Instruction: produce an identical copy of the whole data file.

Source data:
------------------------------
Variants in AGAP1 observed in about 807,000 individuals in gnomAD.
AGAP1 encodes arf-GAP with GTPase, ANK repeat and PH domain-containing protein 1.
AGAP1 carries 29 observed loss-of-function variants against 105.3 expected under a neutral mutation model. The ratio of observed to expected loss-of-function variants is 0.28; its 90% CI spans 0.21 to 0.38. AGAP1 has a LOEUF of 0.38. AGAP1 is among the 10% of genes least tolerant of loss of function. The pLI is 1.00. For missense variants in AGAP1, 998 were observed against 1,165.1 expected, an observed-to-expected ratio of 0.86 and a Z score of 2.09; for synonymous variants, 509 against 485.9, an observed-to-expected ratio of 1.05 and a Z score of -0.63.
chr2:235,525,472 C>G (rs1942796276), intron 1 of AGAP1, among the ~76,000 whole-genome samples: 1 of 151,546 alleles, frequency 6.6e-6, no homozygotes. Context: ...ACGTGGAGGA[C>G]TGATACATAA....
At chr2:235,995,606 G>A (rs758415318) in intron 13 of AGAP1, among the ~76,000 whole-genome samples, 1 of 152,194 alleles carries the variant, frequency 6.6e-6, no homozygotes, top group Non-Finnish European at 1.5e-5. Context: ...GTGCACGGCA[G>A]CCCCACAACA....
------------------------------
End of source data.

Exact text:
Variants in AGAP1 observed in about 807,000 individuals in gnomAD.
AGAP1 encodes arf-GAP with GTPase, ANK repeat and PH domain-containing protein 1.
AGAP1 carries 29 observed loss-of-function variants against 105.3 expected under a neutral mutation model. The ratio of observed to expected loss-of-function variants is 0.28; its 90% CI spans 0.21 to 0.38. AGAP1 has a LOEUF of 0.38. AGAP1 is among the 10% of genes least tolerant of loss of function. The pLI is 1.00. For missense variants in AGAP1, 998 were observed against 1,165.1 expected, an observed-to-expected ratio of 0.86 and a Z score of 2.09; for synonymous variants, 509 against 485.9, an observed-to-expected ratio of 1.05 and a Z score of -0.63.
chr2:235,525,472 C>G (rs1942796276), intron 1 of AGAP1, among the ~76,000 whole-genome samples: 1 of 151,546 alleles, frequency 6.6e-6, no homozygotes. Context: ...ACGTGGAGGA[C>G]TGATACATAA....
At chr2:235,995,606 G>A (rs758415318) in intron 13 of AGAP1, among the ~76,000 whole-genome samples, 1 of 152,194 alleles carries the variant, frequency 6.6e-6, no homozygotes, top group Non-Finnish European at 1.5e-5. Context: ...GTGCACGGCA[G>A]CCCCACAACA....